Charissa Thompson of Fox Sports and Amazon Prime’s “Thursday Night Football” garnered criticism Thursday when a clip went viral in which she admitted to inventing quotes from coaches while working as a sideline reporter.
“I’ve said this before, so I haven’t been fired for saying it, but I’ll say it again. I would make up the report sometimes,” Thompson said in a recent interview on “Pardon My Take,” “because, A, the coach wouldn’t come out at halftime, or it was too late and . . . I didn’t want to screw up the report, so I was like, ‘I’m just going to make this up.’”
Thompson, 41, added that she assumed that “no coach is going to get mad” if she misled viewers into thinking they had simply voiced some well-worn clichés, such as, “Hey, we need to stop hurting ourselves, we need to be better on third down, we need to stop turning the ball over and do a better job of getting off the field.”
“Like, they’re not going to correct me on that,” she continued. “So I’m like, ‘It’s fine, I’ll just make up the report.’”
Among the sports media members responding to Thompson’s comments Thursday was ESPN and ABC’s Molly McGrath, a college football sideline reporter who wrote on X, “Young reporters: This is not normal or ethical. Coaches and players trust us with sensitive information, and if they know that you’re dishonest and don’t take your role seriously, you’ve lost all trust and credibility.”
CBS sideline reporter Tracy Wolfson wrote on X, the platform formerly known as Twitter, “This is absolutely not ok, not the norm and upsetting on so many levels. I take my job very seriously, I hold myself accountable for all I say, I build trust with coaches and never make something up. I know my fellow reporters do the same.”
Kevin Z. Smith, a board member of the Society of Professional Journalists who helped shape that organization’s ethics code, said of Thompson’s admission, “This is just appallingly bad journalism to engage in, and to brag about it and defend it as harmless is beyond the pale.”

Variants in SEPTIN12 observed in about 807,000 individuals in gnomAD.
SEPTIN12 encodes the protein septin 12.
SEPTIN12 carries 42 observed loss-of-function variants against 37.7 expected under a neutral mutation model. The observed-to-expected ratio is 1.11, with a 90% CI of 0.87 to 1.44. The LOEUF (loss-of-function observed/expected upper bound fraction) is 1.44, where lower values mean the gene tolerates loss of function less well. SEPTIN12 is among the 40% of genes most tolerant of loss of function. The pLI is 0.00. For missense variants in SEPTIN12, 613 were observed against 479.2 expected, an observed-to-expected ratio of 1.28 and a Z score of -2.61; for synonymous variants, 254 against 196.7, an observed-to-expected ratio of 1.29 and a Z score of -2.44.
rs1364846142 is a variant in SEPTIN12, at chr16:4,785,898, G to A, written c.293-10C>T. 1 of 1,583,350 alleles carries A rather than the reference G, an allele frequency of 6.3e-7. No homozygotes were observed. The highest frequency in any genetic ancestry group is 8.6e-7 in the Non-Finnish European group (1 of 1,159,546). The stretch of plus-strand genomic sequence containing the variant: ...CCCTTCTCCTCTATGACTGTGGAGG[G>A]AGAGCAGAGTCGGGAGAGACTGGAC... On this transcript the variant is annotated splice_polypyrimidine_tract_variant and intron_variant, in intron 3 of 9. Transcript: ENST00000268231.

“SPJ’s ethics code addresses truth, harm, independence and accountability,” Smith added via email Thursday evening. “She gets the trifecta for destroying three ethical tenets with her lying.”
Thompson previously discussed making up quotes from coaches during a January 2022 episode of a podcast she co-hosts with former sideline reporter Erin Andrews.
Recalling her time covering the 2008 Detroit Lions, who went 0-16, Thompson said of then-head coach Rod Marinelli, “I was like, ‘Oh, coach, what adjustments are you going to make at halftime?’ He goes, ‘That’s a great perfume you’re wearing.’ I was like, ‘Oh, [expletive], this isn’t going to work.’ I’m not kidding, I made up a report.”
“I’ve done that, too,” Andrews responded at the time. “For a coach that I didn’t want to throw under the bus because he was telling me all the wrong stuff!”
“You’re not going to say anything that’s going to put them in a bad spot,” Thompson said.
Representatives for “Thursday Night Football” did not immediately respond to a request for comment on Thompson and clarification on whether she would use their platform to address the backlash. (Amazon founder Jeff Bezos owns The Washington Post.) As the hour-plus pregame show she hosts unfolded, Thompson never mentioned the furor over her remarks to “Pardon My Take.”
Laura Okmin, Thompson’s colleague at Fox Sports, contributed to the argument that Thompson had committed a grave ethical lapse.
“THE privilege of a sideline role is being the 1 person in the entire world who has the opportunity to ask coaches what’s happening in that moment,” Okmin, described by Fox Sports as the third-longest tenured sideline reporter in the NFL, wrote Thursday afternoon on X. “I can’t express the amount of time it takes to build that trust. Devastated w/the texts I’m getting asking if this is ok. No. Never.”
Lindsay Rhodes, a former sideline reporter and NFL Network host, addressed a question on X about what Thompson was supposed to do if a coach refused to provide comment or did not return to the field before a telecast threw it to her for a report.
“She tells the producer, ‘he didn’t stop’ and they don’t go to the sideline reporter for an update she doesn’t have,” Rhodes wrote. “OR, she tells the audience that in her report. Or she observes things herself & reports them without misleading anyone into thinking it came from someone it didn’t.”